3 out of 5 3.0
Parkers overall rating: 3 out of 5 3.0

Spacious, practical city car is feeling its age

Fiat Panda (12 on) - rated 3 out of 5
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At a glance

New price £10,580 - £14,830
Lease from new From £151 p/m View lease deals
Used price £1,345 - £12,140
Fuel Economy 36.7 - 52.3 mpg
Road tax cost £0 - £150
Insurance group 3 - 12 How much is it to insure?
New

PROS

  • Bold exterior design
  • Improved interior finish
  • Frugal hybrid engine

CONS

  • Lowest possible Euro NCAP score in 2018 re-test
  • Thick windscreen pillars compromise visibility
  • Not as fun to drive as some of its rivals

Fiat Panda rivals

Ford
Ka
3.5 out of 5 3.5
SEAT
Mii
4 out of 5 4.0
Volkswagen
Up
4.4 out of 5 4.4

Written by Adam Binnie on

Distinctive styling and a spacious, practical interior set aside the third-generation Fiat Panda from its key rivals such as the Citroen C1, Skoda Citigo, and even Fiat 500, but it lags significantly behind its rivals in terms of safety.

Those with long memories will recall the two cars that came before this one, and it’s even more attractive the third time around - the 2012-vintage Panda has a more rounded look to the exterior than its predecessor, while the interior feels much more grown-up with an improved finish.

It has also grown in size, meaning there is more luggage space than before. Engine-wise there’s the choice of the venerable 1.2-litre petrol or 1.0-litre mild-hybrid petrol. Both offer low running costs with surprisingly good performance, aided by the fact that the Panda doesn't weigh very much.

For those who want even greater ability, the four-wheel drive Panda 4x4 joined the range later in 2012, joined by a similar looking version with front-wheel drive called Panda Trekking, which was discontinued in 2016.

Seemingly adding to the potential confusion was the Panda Cross in 2014, featuring an even beefier bodywork makeover with the four-wheel drive model's underpinning, with the visually identical front-wheel drive Panda City Cross arriving in 2017.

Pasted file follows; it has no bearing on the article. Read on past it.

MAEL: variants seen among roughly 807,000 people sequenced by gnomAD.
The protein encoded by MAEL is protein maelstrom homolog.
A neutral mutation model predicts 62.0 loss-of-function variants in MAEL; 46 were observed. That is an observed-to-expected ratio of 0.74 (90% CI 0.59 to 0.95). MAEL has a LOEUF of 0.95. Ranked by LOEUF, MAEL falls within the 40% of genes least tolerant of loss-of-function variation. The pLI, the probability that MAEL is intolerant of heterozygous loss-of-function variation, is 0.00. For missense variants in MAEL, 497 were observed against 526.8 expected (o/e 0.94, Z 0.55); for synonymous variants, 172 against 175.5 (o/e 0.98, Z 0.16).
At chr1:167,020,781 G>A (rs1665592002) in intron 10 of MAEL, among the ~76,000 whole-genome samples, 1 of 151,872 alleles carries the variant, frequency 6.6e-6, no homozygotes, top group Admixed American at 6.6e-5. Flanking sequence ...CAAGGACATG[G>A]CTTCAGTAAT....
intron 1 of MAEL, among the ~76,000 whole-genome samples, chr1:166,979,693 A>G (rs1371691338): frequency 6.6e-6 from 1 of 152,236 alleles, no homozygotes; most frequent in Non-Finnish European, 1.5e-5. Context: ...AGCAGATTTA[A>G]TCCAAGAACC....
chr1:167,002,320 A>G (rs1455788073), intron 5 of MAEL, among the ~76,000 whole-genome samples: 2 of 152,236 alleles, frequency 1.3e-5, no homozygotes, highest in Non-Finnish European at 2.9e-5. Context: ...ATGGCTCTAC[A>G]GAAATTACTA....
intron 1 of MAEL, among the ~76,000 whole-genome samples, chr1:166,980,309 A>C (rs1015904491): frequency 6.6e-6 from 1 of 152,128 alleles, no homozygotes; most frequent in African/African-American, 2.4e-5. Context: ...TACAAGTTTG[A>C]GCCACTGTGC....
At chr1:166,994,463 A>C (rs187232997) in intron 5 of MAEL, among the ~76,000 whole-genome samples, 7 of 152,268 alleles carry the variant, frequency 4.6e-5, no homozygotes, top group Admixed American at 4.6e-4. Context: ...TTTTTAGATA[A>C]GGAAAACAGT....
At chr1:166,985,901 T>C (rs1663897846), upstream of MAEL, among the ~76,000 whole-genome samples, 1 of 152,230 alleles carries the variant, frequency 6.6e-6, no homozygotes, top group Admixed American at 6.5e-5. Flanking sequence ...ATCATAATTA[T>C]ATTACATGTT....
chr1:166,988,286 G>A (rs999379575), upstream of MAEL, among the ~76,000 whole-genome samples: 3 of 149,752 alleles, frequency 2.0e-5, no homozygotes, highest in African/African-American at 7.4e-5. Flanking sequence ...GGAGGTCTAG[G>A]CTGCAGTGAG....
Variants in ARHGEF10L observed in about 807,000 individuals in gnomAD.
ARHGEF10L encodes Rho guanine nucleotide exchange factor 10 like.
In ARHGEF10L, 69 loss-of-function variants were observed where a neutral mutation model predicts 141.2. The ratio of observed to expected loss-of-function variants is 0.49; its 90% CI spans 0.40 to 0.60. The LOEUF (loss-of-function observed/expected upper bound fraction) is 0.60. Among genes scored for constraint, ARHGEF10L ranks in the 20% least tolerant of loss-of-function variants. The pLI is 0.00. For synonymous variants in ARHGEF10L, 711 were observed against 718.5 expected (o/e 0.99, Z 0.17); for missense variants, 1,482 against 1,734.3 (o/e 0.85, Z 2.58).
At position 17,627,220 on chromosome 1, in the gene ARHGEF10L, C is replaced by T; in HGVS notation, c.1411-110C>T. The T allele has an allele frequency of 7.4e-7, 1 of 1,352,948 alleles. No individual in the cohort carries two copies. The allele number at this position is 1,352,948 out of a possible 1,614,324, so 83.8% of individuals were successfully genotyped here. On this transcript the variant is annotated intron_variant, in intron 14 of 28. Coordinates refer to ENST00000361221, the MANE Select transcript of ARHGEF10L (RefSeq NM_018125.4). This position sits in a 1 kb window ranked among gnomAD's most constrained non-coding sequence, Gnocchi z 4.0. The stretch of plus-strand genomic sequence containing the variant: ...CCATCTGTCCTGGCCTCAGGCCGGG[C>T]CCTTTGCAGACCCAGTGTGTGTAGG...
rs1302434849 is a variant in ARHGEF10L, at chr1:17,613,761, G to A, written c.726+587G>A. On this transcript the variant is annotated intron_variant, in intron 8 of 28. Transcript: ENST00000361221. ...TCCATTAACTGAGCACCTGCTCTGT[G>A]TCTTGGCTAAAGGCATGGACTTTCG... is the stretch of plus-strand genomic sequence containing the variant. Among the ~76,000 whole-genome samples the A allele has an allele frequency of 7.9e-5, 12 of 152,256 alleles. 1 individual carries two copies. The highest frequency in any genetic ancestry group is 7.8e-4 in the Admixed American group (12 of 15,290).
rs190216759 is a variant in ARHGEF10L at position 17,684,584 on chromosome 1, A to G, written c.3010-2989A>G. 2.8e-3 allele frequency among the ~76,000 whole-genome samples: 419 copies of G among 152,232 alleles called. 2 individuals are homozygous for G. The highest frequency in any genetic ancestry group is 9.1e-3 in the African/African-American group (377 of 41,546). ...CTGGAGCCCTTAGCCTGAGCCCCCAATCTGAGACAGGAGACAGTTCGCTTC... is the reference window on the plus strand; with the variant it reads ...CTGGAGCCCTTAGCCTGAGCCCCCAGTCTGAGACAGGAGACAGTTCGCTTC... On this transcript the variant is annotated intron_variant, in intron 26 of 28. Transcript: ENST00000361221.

Improved Fiat Panda interior

The Fiat Panda is all about practicality and in the past it has left the style and charm to its more glamorous sister, the 500.

With the Mk3 cabin, Fiat injected a dose of fun and the 'squircles' theme of the exterior continues inside. The main dials in the dash have a hint of retro look, while the rest of the dash has a clear-cut, more grown up feel about it. It’s also made from sturdy plastics and materials that are pleasing to the eye and touch. With all of this as well as the Panda’s generous space for passengers and luggage, it makes the Fiat one of the leaders in the city car sector.

Although it might look unusual, that wide, flat handbrake is a bit of a faff to use - it's style over substance. Still, it's decently built and as you progress through the Panda trim levels, it becomes even better equipped.

Euro NCAP

When it was first crash-tested by the experts at Euro NCAP in 2011, the Fiat Panda scored four stars, and even received a safety award from the organisation in 2013.

In its 2018 re-assessment, Euro NCAP judged the Fiat Panda to be a zero-star car. The times have moved on and the Panda has not, and so it now lags behind its newer rivals.

Should that put you off buying a Fiat Panda? Read the full Parkers review to find out.

Fiat Panda rivals

Ford
Ka
3.5 out of 5 3.5
SEAT
Mii
4 out of 5 4.0
Volkswagen
Up
4.4 out of 5 4.4

Other Fiat Panda models: